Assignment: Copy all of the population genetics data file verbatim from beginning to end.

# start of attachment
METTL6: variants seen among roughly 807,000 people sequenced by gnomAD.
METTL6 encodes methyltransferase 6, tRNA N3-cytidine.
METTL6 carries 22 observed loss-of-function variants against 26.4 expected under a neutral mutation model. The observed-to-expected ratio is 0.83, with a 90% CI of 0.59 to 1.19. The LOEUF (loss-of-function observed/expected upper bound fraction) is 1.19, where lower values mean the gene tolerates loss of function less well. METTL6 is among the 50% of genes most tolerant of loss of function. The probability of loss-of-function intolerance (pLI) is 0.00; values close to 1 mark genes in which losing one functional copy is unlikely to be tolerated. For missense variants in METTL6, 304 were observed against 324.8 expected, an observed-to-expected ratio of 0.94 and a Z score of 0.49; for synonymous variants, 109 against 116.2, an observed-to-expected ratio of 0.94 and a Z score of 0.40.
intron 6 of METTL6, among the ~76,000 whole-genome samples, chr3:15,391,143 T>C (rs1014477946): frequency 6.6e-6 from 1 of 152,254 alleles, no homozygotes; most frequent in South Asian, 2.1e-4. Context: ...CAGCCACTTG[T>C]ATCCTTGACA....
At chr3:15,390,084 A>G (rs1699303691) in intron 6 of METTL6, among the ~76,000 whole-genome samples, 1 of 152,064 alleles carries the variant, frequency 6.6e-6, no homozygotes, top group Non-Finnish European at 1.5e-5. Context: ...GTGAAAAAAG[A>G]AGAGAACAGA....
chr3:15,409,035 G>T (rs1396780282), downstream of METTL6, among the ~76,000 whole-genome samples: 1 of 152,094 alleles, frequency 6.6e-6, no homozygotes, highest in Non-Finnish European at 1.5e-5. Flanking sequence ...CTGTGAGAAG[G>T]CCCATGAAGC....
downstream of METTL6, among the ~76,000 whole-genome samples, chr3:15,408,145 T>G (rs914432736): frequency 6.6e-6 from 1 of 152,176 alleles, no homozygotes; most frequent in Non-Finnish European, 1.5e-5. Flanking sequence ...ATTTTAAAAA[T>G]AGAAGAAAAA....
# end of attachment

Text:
METTL6: variants seen among roughly 807,000 people sequenced by gnomAD.
METTL6 encodes methyltransferase 6, tRNA N3-cytidine.
METTL6 carries 22 observed loss-of-function variants against 26.4 expected under a neutral mutation model. The observed-to-expected ratio is 0.83, with a 90% CI of 0.59 to 1.19. The LOEUF (loss-of-function observed/expected upper bound fraction) is 1.19, where lower values mean the gene tolerates loss of function less well. METTL6 is among the 50% of genes most tolerant of loss of function. The probability of loss-of-function intolerance (pLI) is 0.00; values close to 1 mark genes in which losing one functional copy is unlikely to be tolerated. For missense variants in METTL6, 304 were observed against 324.8 expected, an observed-to-expected ratio of 0.94 and a Z score of 0.49; for synonymous variants, 109 against 116.2, an observed-to-expected ratio of 0.94 and a Z score of 0.40.
intron 6 of METTL6, among the ~76,000 whole-genome samples, chr3:15,391,143 T>C (rs1014477946): frequency 6.6e-6 from 1 of 152,254 alleles, no homozygotes; most frequent in South Asian, 2.1e-4. Context: ...CAGCCACTTG[T>C]ATCCTTGACA....
At chr3:15,390,084 A>G (rs1699303691) in intron 6 of METTL6, among the ~76,000 whole-genome samples, 1 of 152,064 alleles carries the variant, frequency 6.6e-6, no homozygotes, top group Non-Finnish European at 1.5e-5. Context: ...GTGAAAAAAG[A>G]AGAGAACAGA....
chr3:15,409,035 G>T (rs1396780282), downstream of METTL6, among the ~76,000 whole-genome samples: 1 of 152,094 alleles, frequency 6.6e-6, no homozygotes, highest in Non-Finnish European at 1.5e-5. Flanking sequence ...CTGTGAGAAG[G>T]CCCATGAAGC....
downstream of METTL6, among the ~76,000 whole-genome samples, chr3:15,408,145 T>G (rs914432736): frequency 6.6e-6 from 1 of 152,176 alleles, no homozygotes; most frequent in Non-Finnish European, 1.5e-5. Flanking sequence ...ATTTTAAAAA[T>G]AGAAGAAAAA....